any time of day or night, (2) those customers would choose Globe for 
transmitting and receiving messages because it is the dominant carrier, and 
(3) Globe's market power would be further enhanced.  According to the 
Teamsters, grant of the subject applications will enable Globe to capture 
80% or more of the revenues in the market, thus, creating a monopoly.  The 
Teamsters further contend that denial of these applications would continue 
existing competition that encourages and assures better services and faster 
handling of message traffic.  Finally, the Teamsters request that before 
any grant of the subject applications, the Commission establish an 
independent committee pursuant to Sections 309(e) and 403 of the 
Communications Act, to review the communications services provided to the 
maritime industry.  It recommends that such committee be comprised of 
representatives from industry, the Department of Defense, the Department of
Justice, unions and common carriers.  
	

			 III.  DISCUSSION

     5.  After a careful review of the record in this proceeding, we 
conclude that grant of the subject applications is consistent with the 
public interest, convenience and necessity standard established in Section 
309(a) of the Communications Act.  We find that the allegations made in the 
Petition to Deny are not substantiated.    

     6.  Service Discontinuation.  Although the Teamsters assert that the
license transfers will result in loss of services currently received by the
public, Globe, in the context of this proceeding, has stated its intent to
continue to offer all services on the same frequencies and the same hours 
of operation currently available to existing customers of Stations KPH and 
WCC.  The Teamsters, moreover, note that only Stations KPH and WCC have the
facilities within the continental United States to reach all the world's
oceans.  Furthermore, of the approximately 400 customers notified of the
change in ownership, only one, Williams, Dimond & Co., indicated any 
concern.  In addition, assignment of these licenses does not pose any harm 
to the public safety or national security.  Based upon these facts and 
Globe's representations, we conclude that there is insufficient evidence to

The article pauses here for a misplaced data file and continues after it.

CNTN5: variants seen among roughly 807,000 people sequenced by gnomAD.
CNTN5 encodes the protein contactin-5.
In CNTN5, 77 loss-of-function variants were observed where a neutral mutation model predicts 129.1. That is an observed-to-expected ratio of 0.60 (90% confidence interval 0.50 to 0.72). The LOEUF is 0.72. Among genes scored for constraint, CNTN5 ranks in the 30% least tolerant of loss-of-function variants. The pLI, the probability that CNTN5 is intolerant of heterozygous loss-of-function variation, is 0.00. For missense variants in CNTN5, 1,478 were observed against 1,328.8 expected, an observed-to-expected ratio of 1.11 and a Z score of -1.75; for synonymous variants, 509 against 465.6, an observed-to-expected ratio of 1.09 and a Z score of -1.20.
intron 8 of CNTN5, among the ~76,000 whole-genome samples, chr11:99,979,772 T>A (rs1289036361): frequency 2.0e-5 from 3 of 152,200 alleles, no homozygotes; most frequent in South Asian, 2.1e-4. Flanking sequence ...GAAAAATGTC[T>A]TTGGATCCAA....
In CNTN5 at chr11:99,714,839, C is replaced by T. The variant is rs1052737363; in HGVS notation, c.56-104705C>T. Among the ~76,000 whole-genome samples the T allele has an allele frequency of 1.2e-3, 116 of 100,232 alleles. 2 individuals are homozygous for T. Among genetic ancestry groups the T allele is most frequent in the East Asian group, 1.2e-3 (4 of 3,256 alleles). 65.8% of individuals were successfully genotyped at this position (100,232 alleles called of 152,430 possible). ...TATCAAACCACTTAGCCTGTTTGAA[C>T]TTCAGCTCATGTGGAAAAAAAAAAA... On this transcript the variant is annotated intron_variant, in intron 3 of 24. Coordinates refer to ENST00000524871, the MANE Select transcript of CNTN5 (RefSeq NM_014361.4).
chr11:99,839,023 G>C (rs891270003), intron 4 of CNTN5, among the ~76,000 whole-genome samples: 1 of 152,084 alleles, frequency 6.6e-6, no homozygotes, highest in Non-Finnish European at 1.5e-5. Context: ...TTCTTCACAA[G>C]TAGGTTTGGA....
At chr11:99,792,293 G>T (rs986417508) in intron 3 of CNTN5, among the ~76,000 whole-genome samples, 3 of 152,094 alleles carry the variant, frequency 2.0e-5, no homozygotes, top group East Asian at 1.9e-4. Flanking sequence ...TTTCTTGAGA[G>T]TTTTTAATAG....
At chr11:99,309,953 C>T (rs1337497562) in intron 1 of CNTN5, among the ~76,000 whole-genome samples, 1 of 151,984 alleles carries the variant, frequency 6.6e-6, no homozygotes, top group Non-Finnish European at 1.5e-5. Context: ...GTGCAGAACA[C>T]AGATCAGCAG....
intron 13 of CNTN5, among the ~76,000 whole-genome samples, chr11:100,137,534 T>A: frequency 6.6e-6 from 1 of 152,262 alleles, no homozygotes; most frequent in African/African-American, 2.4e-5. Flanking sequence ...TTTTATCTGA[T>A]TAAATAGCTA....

indicate that there will be disruption to current service as a direct 
result of the proposed transfer.

     7.  As to the Teamsters' concerns that the closure of these stations 
will force increased reliance on the GMDSS, which they consider to be 
unreliable, the U.S. Congress demonstrated its belief in the reliability of 
the GMDSS by recently eliminating the requirement that large cargo and 
passenger vessels carry radiotelegraph installations operators when these 
vessels are equipped and operated in accordance with GMDSS provisions.  In 
implementing Section 365 of the Telecommunications Act of 1996, the 
Commission concluded that the GMDSS is at least, if not more, reliable than 
the outdated radiotelegraph system which is based on manual Morse code 
technology.  In fact, the GMDSS represents the biggest improvement in 
marine safety since the first maritime regulations were enacted following 
the sinking of the Titanic in 1912.  It is an automated ship-to-shore 
distress alerting system that relies on satellite and advanced terrestrial 
systems.  

     8.  Even if Western Union had discontinued service, or if at anytime 
in the future Globe does discontinue service, no prior Commission 
authorization is required.  Under  recently adopted Section 63.19(a) of the 
Commission's Rules, only notification to customers and the Commission 
(sixty days in advance) is required of non-dominant international carriers 
that seek to discontinue, reduce or impair service.  In streamlining the 
international Section 214 authorization process, the Commission stated that 
the increase in the number of international carriers and competition in 
international services means that customers can switch to another 
international carrier if service is discontinued by their current carrier.  
In view of this, the Commission concluded that impairment of service is 
unlikely, and customers will be able to obtain alternative service within 
the sixty days provided by notice.  Moreover, there are channels currently 
available for use by new license applicants in the eleven frequency bands 
which are allocated to high seas public coast stations.  In view of the 
above, we conclude that transfer of the subject stations does not 
contravene Section 214 of the Communications Act or Section 63.19(a) of the 
Commission's Rules.

     9.  The Market.  We believe that competition will not be impaired by 
the transfer of the subject licenses.  The maritime communications market 
is broader than merely public coast stations.  High seas public coast 
stations face direct competition from satellite-based service providers, 
such as INMARSAT, and, to a limited extent, from cellular-based service 
providers.  Indeed, as maritime service customers increasingly have turned